Once a month in our Health Fix, we try out a therapy, treatment or specialist retreat in a bid to solve an ongoing health issue – this month, yoga teacher Selda Enver Goodwin seeks a solution for hypermobility
21 APRIL 2015 by Psychologies
As a yoga teacher, I need all the energy I can get, but hypermobility syndrome – which is an inherited disorder of connective tissues produced by genes that make collagen weaker – means I’ve spent 10 years fighting chronic fatigue, pain, recurring soft tissue and joint injuries, with IBS and insomnia as a result.
There’s no specific cure for hypermobility. People think my double-jointedness and hyper-bendy body is a good thing, but the knock-on effects are extreme. After 10 years of poor health, I was diagnosed with a type of hypermobility called Ehlers-Danlos syndrome – 56 per cent of people wait a decade or more for the right diagnosis, as it’s often misunderstood.
In consultation with holistic health practitioners, I’ve found that removing gluten helps with gastrointestinal issues, but too often I find myself unable to leave my bed for no identifiable reason. I’d heard good things about Rolfing – a therapy that manipulates the body’s connective tissues to optimise structure, posture and movement. I visited certified Rolfer Sibyl Darrington, one of the first people to suspect that my myriad symptoms might add up to hypermobility. Her course of 10 sessions, two weeks apart, aims to restore stability. I’m supporting myself with daily meditation too, which helps ease my mind (and that also helps with the pain).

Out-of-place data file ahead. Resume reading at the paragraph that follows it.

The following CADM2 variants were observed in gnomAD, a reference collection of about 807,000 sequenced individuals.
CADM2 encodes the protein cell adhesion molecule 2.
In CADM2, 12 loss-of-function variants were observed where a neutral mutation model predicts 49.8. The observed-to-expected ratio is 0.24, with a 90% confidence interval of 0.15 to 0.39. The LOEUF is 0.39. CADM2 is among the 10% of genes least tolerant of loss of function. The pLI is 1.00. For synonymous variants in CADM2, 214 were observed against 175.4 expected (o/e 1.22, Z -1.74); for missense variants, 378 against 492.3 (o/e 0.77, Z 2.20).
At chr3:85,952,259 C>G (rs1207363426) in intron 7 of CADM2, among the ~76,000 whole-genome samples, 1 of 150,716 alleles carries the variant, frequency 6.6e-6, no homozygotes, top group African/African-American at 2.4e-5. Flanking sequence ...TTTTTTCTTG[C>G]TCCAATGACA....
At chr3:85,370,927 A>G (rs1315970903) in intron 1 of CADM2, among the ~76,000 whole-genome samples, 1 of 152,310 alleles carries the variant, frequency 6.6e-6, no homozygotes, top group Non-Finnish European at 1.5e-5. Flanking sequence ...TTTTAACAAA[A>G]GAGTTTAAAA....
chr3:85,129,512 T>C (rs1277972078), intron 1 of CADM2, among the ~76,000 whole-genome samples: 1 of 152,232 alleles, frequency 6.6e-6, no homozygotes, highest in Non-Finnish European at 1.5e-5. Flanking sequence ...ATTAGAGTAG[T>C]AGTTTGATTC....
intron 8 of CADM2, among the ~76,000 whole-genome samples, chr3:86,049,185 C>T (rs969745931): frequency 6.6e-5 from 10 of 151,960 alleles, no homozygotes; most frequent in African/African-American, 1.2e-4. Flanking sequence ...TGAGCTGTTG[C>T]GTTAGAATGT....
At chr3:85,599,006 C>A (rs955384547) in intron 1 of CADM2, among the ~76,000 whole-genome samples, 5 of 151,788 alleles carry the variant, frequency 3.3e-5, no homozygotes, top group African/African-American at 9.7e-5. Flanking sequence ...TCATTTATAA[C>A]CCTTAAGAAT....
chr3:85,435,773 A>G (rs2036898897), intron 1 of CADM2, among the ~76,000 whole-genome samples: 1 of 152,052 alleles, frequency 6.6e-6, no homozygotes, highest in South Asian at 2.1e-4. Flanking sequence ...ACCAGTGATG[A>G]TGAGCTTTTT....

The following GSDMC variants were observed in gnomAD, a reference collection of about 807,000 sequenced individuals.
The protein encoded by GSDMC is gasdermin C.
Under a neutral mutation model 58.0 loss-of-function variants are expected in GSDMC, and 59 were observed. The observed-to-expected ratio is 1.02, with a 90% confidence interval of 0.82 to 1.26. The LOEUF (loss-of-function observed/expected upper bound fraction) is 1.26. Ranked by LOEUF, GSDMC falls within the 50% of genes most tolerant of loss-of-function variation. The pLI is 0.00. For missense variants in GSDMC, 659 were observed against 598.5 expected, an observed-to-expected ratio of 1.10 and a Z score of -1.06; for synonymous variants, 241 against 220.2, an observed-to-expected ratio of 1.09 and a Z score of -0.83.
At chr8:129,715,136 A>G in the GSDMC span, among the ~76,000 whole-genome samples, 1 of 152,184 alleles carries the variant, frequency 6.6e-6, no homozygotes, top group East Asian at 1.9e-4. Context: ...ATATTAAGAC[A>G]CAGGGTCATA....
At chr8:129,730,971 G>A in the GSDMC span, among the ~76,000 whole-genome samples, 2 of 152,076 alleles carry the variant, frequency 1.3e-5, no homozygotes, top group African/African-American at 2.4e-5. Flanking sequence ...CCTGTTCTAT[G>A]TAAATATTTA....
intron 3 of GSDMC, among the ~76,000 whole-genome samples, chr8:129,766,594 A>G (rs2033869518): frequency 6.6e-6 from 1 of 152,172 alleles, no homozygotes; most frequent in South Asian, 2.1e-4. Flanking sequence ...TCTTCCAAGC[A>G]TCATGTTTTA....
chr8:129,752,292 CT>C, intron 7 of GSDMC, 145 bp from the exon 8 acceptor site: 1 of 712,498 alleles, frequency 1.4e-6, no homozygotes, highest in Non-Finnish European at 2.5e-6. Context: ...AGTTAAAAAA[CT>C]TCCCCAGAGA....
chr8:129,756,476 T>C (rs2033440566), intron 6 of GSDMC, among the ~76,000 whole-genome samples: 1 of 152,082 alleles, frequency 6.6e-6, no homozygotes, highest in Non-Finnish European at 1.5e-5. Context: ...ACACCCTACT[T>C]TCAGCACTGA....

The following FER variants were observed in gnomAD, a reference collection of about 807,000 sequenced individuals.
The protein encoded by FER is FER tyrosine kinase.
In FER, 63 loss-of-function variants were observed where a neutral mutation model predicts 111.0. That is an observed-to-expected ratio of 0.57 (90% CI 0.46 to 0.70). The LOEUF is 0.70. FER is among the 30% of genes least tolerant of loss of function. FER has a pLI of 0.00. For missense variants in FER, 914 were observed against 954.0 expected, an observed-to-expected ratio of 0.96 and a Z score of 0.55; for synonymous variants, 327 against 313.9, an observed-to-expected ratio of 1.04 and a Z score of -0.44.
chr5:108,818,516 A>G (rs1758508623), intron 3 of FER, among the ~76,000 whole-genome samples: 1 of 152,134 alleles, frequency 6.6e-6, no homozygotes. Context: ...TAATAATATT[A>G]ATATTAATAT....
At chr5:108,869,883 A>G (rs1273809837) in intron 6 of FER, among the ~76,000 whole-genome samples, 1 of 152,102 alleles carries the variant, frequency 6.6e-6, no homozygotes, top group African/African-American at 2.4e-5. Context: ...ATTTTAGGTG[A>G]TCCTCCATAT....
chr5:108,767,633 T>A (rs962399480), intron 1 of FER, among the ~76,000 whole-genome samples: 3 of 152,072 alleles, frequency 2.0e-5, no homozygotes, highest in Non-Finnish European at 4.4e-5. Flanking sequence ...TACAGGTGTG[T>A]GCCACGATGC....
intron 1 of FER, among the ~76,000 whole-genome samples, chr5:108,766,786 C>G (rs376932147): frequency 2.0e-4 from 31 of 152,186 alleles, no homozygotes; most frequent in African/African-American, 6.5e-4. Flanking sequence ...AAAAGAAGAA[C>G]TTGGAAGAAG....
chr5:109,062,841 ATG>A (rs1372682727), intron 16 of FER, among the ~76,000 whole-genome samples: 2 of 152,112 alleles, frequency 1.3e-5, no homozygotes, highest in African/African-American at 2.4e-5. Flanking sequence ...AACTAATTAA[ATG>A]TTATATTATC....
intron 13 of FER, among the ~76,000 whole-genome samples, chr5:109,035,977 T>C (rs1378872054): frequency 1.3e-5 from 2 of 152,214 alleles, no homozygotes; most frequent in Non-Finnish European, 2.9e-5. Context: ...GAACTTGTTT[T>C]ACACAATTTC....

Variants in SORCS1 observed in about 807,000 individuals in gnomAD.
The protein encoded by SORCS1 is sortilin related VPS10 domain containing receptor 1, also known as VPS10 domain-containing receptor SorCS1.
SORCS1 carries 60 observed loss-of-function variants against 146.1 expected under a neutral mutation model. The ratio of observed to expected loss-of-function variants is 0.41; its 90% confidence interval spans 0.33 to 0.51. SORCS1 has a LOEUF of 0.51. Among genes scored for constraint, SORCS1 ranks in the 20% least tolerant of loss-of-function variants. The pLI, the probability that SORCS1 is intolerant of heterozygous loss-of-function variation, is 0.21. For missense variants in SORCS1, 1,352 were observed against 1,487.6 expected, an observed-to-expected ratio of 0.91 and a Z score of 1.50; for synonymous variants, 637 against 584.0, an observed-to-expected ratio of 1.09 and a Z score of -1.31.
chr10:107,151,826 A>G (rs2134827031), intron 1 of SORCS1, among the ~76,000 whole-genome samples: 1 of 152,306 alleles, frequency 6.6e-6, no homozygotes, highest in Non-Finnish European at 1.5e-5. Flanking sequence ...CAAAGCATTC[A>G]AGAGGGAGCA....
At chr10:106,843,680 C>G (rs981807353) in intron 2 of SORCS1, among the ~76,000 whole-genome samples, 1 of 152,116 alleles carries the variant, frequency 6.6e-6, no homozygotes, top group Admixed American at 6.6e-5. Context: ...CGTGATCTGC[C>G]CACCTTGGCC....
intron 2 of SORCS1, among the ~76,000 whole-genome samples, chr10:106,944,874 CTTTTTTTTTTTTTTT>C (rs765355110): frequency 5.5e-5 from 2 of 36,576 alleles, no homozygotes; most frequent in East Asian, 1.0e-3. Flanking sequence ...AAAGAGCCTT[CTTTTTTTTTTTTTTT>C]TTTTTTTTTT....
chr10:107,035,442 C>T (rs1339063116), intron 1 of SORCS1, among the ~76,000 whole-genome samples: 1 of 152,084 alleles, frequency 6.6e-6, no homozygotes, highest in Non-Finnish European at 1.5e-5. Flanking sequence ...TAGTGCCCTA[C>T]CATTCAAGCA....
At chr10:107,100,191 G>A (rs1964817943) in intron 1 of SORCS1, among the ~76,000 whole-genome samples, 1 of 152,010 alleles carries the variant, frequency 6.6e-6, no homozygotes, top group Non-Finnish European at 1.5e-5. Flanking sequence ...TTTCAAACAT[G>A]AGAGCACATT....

The experienceI noticed a considerable amount of emotional and physical release in the days following my first session with Sibyl. My body felt realigned in such a way that I instantly felt less physical vulnerability, yet a greater sense of overall freedom.
But it’s meditation that’s really shifted my perception. I’m a regular at the West London Buddhist Centre and really feel it if I miss a single day of sitting. It’s nice to sit peacefully among people from all backgrounds, and feel part of this inclusive, supportive community. I’ve just started teaching yoga classes there, too.
Getting a medical diagnosis has finally provided me with a sense of relief, and release. I can manage my condition without allowing the ‘illness’ label to control my life. For years, I thought being very bendy was advantageous. Now I understand how to support my body in each movement, I can practise yoga from a place of strength that makes me feel far more powerful. My daily meditation helps me to pause and listen to the feedback my body is giving which, in turn, forewarns of any possible signs of over-exertion.
Next week, I have another session with Sibyl, who’s helping me get my body back to a place of postural strength, and that’s more hope than I’ve had in a long time.
Photograph: Selda Enver Goodwin